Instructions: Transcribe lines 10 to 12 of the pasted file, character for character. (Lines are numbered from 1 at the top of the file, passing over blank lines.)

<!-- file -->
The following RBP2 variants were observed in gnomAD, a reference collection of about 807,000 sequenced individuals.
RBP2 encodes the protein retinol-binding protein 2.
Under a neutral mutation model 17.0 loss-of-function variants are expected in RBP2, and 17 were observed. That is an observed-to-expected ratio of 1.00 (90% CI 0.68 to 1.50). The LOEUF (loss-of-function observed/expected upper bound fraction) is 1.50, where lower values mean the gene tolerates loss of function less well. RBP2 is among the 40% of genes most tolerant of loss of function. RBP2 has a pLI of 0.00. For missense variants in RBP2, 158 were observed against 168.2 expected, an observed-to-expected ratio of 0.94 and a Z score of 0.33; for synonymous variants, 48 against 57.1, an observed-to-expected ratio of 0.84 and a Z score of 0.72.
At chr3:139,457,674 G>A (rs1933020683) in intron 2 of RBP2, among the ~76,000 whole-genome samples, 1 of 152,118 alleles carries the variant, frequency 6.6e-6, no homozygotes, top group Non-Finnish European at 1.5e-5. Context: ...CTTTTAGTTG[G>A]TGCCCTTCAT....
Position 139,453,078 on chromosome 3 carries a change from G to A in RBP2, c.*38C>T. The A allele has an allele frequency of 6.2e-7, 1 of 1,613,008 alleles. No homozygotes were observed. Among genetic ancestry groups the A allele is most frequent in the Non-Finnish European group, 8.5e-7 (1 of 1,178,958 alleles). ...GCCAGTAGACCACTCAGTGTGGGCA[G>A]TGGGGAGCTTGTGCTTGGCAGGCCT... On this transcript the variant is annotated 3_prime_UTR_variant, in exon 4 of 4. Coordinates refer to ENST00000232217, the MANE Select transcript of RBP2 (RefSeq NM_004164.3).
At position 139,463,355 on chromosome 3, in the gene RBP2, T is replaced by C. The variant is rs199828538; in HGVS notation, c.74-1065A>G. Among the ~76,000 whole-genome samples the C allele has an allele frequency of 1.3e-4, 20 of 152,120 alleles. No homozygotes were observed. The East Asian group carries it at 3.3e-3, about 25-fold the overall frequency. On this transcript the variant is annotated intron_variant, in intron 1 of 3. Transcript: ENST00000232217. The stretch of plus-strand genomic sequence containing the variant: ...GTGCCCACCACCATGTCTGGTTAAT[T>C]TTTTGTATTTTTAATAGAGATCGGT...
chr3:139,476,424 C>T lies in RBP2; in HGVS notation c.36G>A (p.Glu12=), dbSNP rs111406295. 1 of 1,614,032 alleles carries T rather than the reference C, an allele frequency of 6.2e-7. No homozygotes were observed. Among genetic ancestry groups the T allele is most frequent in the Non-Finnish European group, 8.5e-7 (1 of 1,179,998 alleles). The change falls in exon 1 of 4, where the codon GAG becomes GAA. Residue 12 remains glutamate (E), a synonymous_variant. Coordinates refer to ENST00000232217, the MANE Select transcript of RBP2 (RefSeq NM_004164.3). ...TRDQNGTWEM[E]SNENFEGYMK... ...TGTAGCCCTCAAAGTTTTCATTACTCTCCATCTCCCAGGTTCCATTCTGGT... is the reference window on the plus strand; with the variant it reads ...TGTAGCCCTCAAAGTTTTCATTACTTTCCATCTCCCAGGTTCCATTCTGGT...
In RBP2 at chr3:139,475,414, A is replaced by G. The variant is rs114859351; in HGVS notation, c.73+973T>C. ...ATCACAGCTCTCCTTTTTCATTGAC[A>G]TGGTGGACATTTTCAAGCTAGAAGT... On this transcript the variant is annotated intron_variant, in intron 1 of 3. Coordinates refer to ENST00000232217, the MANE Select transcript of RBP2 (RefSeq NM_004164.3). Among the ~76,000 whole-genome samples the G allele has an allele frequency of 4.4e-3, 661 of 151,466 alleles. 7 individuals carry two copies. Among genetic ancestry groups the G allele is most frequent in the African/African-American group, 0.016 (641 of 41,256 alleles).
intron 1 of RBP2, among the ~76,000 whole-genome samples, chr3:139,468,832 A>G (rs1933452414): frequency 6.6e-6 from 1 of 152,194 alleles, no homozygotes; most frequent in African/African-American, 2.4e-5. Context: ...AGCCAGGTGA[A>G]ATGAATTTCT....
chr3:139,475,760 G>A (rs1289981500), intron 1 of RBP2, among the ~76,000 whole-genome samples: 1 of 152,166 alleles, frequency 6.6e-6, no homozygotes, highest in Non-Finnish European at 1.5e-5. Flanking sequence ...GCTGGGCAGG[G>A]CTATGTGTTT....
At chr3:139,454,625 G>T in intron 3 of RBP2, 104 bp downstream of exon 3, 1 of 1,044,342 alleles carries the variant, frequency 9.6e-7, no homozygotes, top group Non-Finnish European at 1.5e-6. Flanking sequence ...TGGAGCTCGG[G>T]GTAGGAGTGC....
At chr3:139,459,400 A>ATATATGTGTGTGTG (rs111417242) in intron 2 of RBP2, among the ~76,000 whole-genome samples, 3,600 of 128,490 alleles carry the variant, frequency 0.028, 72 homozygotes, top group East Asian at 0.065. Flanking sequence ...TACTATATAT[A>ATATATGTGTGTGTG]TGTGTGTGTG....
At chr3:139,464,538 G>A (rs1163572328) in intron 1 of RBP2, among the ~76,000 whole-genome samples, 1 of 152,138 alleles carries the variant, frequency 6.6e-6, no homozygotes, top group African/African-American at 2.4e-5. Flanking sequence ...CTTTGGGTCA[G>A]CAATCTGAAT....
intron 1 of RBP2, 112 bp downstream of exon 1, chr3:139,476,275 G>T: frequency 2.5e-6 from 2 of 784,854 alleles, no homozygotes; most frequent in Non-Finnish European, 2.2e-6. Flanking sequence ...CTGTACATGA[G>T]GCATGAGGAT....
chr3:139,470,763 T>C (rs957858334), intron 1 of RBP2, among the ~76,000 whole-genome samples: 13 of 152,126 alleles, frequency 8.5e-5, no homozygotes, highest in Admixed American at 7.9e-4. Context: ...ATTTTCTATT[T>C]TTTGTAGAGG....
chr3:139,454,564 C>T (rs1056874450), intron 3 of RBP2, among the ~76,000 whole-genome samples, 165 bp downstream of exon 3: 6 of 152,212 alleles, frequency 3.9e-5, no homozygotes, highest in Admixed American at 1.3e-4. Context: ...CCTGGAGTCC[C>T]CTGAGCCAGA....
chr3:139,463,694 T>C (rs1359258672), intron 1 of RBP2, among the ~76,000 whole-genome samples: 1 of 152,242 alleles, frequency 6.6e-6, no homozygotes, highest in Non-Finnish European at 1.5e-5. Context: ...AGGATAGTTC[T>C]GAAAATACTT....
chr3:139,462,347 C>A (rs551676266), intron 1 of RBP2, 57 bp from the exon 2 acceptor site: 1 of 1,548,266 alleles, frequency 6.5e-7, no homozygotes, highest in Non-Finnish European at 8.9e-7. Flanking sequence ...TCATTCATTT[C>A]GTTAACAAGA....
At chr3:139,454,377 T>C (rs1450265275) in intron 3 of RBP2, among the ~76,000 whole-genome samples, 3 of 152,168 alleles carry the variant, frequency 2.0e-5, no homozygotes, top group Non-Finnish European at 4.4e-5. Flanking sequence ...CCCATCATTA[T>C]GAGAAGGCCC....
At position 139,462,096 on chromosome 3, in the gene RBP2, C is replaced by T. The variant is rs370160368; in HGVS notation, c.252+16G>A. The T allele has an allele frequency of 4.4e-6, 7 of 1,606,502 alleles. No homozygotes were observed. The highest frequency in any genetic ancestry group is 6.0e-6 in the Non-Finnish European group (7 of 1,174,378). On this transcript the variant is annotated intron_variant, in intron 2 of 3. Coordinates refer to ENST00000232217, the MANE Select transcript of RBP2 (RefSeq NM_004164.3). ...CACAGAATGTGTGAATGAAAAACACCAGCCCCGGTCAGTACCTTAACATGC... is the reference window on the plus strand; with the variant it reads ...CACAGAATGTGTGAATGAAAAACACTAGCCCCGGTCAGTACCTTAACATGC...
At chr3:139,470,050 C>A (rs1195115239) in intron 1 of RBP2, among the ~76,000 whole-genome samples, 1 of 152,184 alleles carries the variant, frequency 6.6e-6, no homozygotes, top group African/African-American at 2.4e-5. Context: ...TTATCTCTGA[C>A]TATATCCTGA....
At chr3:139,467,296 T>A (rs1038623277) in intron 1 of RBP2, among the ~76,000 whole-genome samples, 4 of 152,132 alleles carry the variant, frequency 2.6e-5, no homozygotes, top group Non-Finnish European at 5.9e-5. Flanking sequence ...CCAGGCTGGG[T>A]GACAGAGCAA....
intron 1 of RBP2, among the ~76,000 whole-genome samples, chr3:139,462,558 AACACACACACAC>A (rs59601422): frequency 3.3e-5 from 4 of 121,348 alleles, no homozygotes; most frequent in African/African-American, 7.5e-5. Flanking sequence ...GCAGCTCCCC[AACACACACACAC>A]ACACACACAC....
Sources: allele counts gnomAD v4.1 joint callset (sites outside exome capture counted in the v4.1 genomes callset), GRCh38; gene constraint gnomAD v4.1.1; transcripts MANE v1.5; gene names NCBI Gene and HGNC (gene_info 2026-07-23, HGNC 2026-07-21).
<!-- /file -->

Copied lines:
chr3:139,475,760 G>A (rs1289981500), intron 1 of RBP2, among the ~76,000 whole-genome samples: 1 of 152,166 alleles, frequency 6.6e-6, no homozygotes, highest in Non-Finnish European at 1.5e-5. Flanking sequence ...GCTGGGCAGG[G>A]CTATGTGTTT....
At chr3:139,454,625 G>T in intron 3 of RBP2, 104 bp downstream of exon 3, 1 of 1,044,342 alleles carries the variant, frequency 9.6e-7, no homozygotes, top group Non-Finnish European at 1.5e-6. Flanking sequence ...TGGAGCTCGG[G>T]GTAGGAGTGC....
At chr3:139,459,400 A>ATATATGTGTGTGTG (rs111417242) in intron 2 of RBP2, among the ~76,000 whole-genome samples, 3,600 of 128,490 alleles carry the variant, frequency 0.028, 72 homozygotes, top group East Asian at 0.065. Flanking sequence ...TACTATATAT[A>ATATATGTGTGTGTG]TGTGTGTGTG....